Russian federal law banning gay propaganda to minors is appealed today at the Constitutional Court. Earlier at ECtHR. http://t.co/U5YOhgUokE
In another major victory, a regional court in Ryazan overturned an administrative fine for “propaganda” of homosexuality against rights activist Irina Fedotova in October 2013. Ryazan was the first region to adopt a “propaganda” law, which was used against Ms. Fedotova in 2009 when she stood with a sign in front of a school and a children’s library. The activist took her case to the U.N. Human Rights Committee, which ruled in her favor pointing to Russia’s undermining of the International Covenant on Civil and Political Rights by violating Ms. Fedotova’s right to free expression and protection from discrimination.
The sign reads, “Homosexuality is normal.”
The court in Ryazan didn’t have to overturn the initial verdict and its decision doesn’t nullify either Ryazan’s regional or the federal bans on “propaganda.” Similarly, Nikolai Alekseyev’s applications for a Pride Parade in Moscow continue to be denied despite the ECHR ruling. But it’s significant that a Russian court accepted the Human Rights Committee’s logic and ordered a fine to be reimbursed to an LGBT activist.
Mr. Alekseyev’s street actions made him famous, his social media outbursts threatened to turn him into a pariah, but it’s his court struggles that remain the backbone to the activist’s ability to get his country to think and talk about LGBT rights.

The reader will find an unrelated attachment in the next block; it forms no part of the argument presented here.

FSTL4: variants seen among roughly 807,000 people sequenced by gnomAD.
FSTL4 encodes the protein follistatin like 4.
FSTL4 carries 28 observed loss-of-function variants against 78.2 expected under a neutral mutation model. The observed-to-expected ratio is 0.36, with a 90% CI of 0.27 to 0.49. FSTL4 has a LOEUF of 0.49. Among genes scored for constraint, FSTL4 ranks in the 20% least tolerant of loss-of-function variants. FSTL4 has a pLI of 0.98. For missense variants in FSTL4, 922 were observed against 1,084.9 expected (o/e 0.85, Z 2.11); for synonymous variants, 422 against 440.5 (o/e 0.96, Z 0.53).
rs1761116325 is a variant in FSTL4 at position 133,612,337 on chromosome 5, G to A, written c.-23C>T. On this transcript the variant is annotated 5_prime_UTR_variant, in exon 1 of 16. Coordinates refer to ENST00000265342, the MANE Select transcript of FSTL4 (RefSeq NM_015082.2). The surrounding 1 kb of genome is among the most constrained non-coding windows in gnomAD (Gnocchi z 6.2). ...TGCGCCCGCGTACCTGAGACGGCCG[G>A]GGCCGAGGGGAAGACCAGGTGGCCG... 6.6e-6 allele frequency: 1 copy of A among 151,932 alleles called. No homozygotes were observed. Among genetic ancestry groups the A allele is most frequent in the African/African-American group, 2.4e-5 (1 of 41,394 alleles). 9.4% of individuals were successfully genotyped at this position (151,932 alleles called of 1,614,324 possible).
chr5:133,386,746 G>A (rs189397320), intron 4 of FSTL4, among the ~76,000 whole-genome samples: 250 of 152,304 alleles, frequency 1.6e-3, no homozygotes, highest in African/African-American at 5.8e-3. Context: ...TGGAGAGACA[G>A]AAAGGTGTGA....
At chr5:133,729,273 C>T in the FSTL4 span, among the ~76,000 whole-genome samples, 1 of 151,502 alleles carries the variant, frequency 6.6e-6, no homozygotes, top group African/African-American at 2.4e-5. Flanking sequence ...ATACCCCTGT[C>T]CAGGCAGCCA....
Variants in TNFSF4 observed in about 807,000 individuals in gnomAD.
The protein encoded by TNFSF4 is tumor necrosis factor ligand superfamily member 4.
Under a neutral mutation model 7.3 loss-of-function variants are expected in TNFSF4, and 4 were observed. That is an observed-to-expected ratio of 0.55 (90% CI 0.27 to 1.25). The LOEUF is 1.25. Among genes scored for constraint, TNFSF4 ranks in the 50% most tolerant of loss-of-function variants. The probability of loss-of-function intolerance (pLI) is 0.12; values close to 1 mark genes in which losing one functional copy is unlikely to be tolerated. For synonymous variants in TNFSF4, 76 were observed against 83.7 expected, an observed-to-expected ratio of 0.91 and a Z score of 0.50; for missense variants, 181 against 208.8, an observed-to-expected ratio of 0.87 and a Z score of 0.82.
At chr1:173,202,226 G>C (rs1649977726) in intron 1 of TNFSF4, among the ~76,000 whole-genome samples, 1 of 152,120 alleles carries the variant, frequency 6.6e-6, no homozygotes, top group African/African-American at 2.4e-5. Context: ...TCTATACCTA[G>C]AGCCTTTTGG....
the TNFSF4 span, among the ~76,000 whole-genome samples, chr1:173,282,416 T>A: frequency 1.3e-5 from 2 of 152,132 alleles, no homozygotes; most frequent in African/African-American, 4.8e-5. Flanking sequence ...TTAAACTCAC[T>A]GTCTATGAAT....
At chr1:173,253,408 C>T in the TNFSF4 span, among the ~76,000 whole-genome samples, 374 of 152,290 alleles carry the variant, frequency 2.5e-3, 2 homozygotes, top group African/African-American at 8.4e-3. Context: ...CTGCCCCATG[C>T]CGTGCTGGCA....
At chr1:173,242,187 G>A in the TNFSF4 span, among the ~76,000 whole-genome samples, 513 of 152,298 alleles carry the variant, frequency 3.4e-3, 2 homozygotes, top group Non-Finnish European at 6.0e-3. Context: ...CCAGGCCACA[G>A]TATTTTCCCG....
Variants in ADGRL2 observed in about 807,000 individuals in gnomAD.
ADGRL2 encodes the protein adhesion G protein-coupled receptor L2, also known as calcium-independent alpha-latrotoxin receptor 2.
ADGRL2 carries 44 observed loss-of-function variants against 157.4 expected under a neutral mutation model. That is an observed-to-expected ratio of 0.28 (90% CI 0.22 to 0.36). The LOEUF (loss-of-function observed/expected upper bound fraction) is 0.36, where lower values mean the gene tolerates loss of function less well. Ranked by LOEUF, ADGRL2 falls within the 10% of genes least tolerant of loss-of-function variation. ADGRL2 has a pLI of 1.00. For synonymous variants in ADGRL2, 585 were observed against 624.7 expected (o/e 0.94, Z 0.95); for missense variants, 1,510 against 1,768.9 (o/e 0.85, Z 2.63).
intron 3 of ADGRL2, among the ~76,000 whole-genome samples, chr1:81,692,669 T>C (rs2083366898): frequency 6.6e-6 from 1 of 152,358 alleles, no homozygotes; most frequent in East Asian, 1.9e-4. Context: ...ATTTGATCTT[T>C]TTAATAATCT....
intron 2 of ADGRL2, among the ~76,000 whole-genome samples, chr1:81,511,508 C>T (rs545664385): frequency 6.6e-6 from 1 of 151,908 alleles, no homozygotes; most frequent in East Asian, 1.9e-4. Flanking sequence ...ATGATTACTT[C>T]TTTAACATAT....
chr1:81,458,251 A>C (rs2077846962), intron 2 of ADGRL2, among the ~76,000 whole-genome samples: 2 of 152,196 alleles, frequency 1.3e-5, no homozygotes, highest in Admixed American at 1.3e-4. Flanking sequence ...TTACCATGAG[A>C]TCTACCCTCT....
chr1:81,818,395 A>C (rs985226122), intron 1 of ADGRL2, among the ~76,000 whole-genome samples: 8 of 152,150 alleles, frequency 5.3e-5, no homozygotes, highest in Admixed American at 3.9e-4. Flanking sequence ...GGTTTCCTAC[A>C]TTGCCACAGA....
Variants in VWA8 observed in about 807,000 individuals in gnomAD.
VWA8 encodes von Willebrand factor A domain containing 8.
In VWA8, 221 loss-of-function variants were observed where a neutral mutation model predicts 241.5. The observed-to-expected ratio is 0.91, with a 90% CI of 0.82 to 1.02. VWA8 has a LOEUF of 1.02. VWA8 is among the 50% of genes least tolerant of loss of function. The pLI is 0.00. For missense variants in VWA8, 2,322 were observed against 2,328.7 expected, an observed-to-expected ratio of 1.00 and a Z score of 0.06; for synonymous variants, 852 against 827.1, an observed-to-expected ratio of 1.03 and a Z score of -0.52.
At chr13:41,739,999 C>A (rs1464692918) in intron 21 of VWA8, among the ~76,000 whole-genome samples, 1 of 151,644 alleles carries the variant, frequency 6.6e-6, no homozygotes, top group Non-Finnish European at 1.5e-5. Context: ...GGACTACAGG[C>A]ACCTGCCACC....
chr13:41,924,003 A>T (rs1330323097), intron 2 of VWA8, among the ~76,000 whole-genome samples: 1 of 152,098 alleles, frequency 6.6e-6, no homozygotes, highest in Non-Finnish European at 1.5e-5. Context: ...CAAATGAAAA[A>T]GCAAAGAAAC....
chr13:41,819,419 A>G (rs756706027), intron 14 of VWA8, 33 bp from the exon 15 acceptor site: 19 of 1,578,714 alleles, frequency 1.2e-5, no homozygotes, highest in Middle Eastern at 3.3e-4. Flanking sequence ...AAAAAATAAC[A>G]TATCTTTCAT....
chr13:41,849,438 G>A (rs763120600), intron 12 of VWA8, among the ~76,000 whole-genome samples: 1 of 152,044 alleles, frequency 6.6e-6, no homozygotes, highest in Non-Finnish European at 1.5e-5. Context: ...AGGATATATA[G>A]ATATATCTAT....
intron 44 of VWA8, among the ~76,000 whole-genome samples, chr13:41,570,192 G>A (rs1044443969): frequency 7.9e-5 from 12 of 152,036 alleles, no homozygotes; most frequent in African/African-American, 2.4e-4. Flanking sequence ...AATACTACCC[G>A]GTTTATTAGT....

As long as the Russian government protects its people when they become victims “in the streets,” you can count on the Russian LGBT community to advance its struggle on the ground it’s comfortable with — the legal ground.
As a law abiding citizen, I just paid first ever fine for gay propaganda under Russian federal law passed in June 2013. 4000 roubles.
Теперь дело о пропаганде пойдет в КС РФ и ЕСПЧ. И поверьте мне, российская казна заплатит мне гораздо больше.
The Russian tweet reads, “Now the ‘propaganda’ case will go to the Russian Constitutional Court and the European Court of Human Rights. And believe me, the Russian treasury will end up paying me much more.”
The guilty verdicts in Moscow and Kamchatka show that Russia can live up to its obligation to investigate and prosecute attacks against people no matter who they are. This was acknowledged by Russia on the international level last year, when the Russian government agreed to “take all necessary measures to prevent violence and intolerance of a racist, xenophobia and homophobic character in conformity with international law and standard” during the country’s Universal Periodic Review at the U.N. Human Rights Council.
The main problem with homophobic violence in Russia is that it’s oft-ignored by law enforcement authorities who do a poor job in investigating and prosecuting such attacks. With the cases in Kamchatka and Moscow we see that the government can be serious about addressing acts of homophobic violence. As SOVA’s decade-long data collection efforts show, Russia was able to make progress in addressing racist violence since the peak of such incidents in 2008 thanks to a much stronger law-enforcement response; one hopes the country is capable of doing the same to stem homophobic attacks—while investing more in efforts to stem all crime.